Teaching someone to read sheet music over Skype
September 20, 2016 10:34 AM   Subscribe

I may soon find myself teaching a good friend how to read sheet music over Skype. Mostly for singing, as friend doesn't own any instruments. He can carry a tune reasonably well, but he has no idea how printed symbols correspond to notes, rhythms, sounds, etc. Good resources, esp. practice exercises?

I have already discovered the wonder that is musictheory.net. It's pretty fantastic for theory but doesn't seem to have enough exercises.

Is there an online resource that has very simple exercises for friend to practice? Something that starts with "there is only one note, C, and we're only working with whole notes and whole rests" and gradually adds half notes, half rests, then another note or two, etc. A full online copy of, say, Breeze-Easy Method 1 for Flute or similar would work well.

Teachers of music theory, do you have any useful pointers? For example...
- would you teach rhythm or note names first?
- how do you get someone to hear the difference between a half step and a whole step?
- how do you get someone to find the downbeat or stay on the beat?
- are there any mistakes/misconceptions that everyone makes and good ways to explain/correct them?

Any ideas for making this work well over Skype (should I share my screen or should he share his?) would be great too.
posted by danceswithlight to Media & Arts (6 answers total) 3 users marked this as a favorite
A more general note on music lessons via Skype: there's enough of a delay that you won't be able to make live music together. My dad, who is a tech-friendly music teacher, has used me as a guinea pig for some distance learning ideas he's had. At 120 bpm, we were about an eighth note off of each other, and even more frustrating, it wasn't perfectly consistent. If you want to use a metronome, make sure he has one to set when he is singing for you, so you know all the audio is coming in at once. The same is true vice-versa.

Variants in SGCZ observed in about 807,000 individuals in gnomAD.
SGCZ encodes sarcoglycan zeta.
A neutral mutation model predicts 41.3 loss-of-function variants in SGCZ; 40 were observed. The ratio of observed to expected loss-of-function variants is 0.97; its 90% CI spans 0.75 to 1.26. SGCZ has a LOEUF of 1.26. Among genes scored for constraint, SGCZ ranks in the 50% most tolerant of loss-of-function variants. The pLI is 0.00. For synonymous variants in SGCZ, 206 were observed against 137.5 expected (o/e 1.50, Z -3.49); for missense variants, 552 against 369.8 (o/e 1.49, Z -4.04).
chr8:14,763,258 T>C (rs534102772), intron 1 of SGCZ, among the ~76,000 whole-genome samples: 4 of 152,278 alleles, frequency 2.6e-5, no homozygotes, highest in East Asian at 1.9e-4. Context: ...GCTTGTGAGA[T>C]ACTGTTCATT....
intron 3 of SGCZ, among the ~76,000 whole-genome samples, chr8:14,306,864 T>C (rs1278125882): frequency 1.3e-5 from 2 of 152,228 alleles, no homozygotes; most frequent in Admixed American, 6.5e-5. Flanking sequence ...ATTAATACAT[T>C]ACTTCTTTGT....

posted by tchemgrrl at 10:50 AM on September 20, 2016 [1 favorite]

What you want are the basics of reading music (like this or this), and then basic sight-singing exercises, like this or this.

However, rather than just giving him a bunch of links, please consider helping your student learn to find these resources himself. There are several reasons:

0) Interacting more with the material in a non-stressful way will help learning - a lot. It's fundamental to [what little I know about] modern teaching methods.

1) If he goes looking for them himself, he feel free to find ones that are just right in terms of difficulty, instead of trying repeatedly to do what you recommend (because he'll think he "should" be able to get it) and just getting frustrated;

2) This kind of interaction with the material gives a sense of control to what can be a very intimidating process, which is very important.

4) The act of searching and sifting through stuff is a little addictive/gamelike, so it will make the process more compelling for him;